Meet our Campus Leaders

Campus Leaders play an extremely important role in helping us find our future Fellows – many even join the Fellowship themselves after graduating! Whether you’re studying locally or abroad, being a Teach For Malaysia Campus Leader is a great way to give back, connect with like-minded young people, and be part of something bigger.  About the role FAQs

The University of Nottingham Malaysia Campus

"My all time favourite Teach For Malaysia experience is definitely playing the 'Cikgu Life' board game with the other students. Seeing the realisation dawn on their faces that education inequity is a real struggle and obstacle faced by teachers and students in schools all across Malaysia reaffirmed my stance on the importance of this cause."

The University of Manchester

"I don't think being born in a city makes me more deserving of opportunities. Education inequity is my problem and yours. Change starts with one person but it is never limited to one person. That is why I applied to be a campus leader, to do just that - be the person to help bring change."

University of Melbourne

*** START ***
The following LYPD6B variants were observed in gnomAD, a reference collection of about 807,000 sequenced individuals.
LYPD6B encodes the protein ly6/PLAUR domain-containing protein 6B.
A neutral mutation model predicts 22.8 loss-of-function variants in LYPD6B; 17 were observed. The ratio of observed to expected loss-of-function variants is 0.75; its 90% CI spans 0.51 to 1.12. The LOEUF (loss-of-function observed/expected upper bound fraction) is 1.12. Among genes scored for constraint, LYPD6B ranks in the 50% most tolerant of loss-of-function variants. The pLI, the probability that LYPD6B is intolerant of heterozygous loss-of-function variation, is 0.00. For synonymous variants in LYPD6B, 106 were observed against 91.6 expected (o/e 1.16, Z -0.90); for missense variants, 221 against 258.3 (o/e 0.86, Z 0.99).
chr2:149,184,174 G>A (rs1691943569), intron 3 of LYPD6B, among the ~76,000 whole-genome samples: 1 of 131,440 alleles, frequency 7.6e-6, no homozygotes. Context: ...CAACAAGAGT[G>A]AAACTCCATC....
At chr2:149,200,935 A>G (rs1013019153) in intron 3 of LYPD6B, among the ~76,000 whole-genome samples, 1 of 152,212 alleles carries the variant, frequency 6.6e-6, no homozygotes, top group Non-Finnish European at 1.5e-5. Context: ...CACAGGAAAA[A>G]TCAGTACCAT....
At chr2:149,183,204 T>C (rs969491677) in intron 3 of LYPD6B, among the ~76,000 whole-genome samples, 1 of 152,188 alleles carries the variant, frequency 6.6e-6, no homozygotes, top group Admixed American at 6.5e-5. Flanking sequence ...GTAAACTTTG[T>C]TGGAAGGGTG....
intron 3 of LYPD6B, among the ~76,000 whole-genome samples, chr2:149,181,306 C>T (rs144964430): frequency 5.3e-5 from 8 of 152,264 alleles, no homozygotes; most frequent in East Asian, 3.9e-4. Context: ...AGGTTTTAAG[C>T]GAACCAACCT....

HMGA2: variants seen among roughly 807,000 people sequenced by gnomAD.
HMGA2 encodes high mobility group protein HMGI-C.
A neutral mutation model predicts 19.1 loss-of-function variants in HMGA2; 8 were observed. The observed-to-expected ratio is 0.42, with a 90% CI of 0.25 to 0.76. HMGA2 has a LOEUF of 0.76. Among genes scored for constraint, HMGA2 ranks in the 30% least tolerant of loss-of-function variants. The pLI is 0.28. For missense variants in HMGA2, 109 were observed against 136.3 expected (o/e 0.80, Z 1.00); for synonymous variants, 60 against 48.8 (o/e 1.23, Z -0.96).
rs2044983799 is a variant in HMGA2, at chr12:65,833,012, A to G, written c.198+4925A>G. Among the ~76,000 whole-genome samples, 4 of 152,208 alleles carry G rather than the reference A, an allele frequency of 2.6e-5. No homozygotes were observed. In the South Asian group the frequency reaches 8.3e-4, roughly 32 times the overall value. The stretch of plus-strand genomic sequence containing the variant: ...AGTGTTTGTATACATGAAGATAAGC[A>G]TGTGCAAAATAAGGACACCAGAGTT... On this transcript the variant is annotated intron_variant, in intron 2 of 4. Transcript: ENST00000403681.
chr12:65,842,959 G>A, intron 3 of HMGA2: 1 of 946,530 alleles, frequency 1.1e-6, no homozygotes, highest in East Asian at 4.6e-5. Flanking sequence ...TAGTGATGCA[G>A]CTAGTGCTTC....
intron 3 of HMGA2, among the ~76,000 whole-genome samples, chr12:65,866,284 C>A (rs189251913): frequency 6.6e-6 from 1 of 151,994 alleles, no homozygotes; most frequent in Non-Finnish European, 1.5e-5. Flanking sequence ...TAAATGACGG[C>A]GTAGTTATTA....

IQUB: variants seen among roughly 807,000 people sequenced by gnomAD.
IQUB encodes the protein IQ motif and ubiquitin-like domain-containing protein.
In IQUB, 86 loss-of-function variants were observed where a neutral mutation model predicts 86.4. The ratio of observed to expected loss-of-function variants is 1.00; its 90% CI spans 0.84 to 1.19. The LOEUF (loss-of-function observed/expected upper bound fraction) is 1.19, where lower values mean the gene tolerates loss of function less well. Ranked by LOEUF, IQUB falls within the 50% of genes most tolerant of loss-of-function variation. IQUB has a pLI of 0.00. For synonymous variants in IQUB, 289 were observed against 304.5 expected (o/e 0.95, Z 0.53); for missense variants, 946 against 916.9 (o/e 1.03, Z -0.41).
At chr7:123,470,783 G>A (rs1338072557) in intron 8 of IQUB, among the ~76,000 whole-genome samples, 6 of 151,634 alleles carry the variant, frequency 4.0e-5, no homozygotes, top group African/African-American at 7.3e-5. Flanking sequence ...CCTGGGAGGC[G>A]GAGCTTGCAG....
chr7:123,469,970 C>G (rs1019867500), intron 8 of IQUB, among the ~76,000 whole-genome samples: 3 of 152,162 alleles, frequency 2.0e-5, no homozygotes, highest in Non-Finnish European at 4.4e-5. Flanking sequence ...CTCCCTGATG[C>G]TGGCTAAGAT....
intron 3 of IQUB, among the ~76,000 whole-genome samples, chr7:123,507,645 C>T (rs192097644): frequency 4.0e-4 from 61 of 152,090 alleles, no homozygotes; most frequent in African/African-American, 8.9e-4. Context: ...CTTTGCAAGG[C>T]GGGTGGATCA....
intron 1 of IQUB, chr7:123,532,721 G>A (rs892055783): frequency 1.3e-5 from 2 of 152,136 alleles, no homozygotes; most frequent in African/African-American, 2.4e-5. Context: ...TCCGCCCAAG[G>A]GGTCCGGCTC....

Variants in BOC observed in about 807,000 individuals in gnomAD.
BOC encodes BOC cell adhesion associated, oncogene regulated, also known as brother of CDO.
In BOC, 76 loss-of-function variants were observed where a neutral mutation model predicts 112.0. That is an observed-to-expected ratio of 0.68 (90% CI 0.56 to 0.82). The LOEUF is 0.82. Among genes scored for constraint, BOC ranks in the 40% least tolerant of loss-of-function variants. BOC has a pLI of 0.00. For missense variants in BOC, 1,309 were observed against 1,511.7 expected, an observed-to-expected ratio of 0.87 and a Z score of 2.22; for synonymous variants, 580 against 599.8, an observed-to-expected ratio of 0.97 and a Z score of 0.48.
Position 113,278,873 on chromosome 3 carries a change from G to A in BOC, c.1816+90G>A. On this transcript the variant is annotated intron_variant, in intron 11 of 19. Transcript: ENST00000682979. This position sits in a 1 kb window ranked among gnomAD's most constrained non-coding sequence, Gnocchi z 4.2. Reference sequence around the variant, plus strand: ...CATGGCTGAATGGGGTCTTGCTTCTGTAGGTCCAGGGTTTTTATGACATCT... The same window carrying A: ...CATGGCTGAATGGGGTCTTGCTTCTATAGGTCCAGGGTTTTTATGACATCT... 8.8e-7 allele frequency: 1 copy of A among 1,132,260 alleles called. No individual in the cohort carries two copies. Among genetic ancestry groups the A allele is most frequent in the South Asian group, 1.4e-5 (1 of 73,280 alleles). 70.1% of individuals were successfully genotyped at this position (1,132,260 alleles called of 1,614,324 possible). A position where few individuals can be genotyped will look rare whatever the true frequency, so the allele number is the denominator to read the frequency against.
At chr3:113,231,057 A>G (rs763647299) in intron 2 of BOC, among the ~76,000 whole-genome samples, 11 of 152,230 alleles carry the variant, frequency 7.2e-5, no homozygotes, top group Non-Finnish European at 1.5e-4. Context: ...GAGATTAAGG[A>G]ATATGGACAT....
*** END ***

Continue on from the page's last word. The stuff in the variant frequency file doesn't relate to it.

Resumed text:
"The best part of being a Campus Leader is working alongside passionate and like-minded individuals, who are invested in working towards an imperative mission. The perks include a steep learning curve in personal and professional development, an abundance of support and at the end of the day, a deeper insight towards the mission. Bonus point- you get a really cool and exclusive t-shirt!"

University of Illinois Urbana-Champaign

"As a Teach For Malaysia Campus Leader, I help scout for potential Fellows on my campus. The joy in being a Campus Leader is you see your struggle to help promote education equity never come to naught. Being a Campus Leader allows me to reach out to various connections and organise or be part of events that would in turn inspire some to support our cause."

Meet our Interns


"At Teach For Malaysia, people have their own passion and goals. They set milestones for themselves, going out of their comfort zones to discover new things. It's the mindset of being able to work towards one's goal so zealously that made me want to put more effort into what I want to do in future. It’s really been an inspiration." - Cindy Seah, University of Minnesota Twin Cities.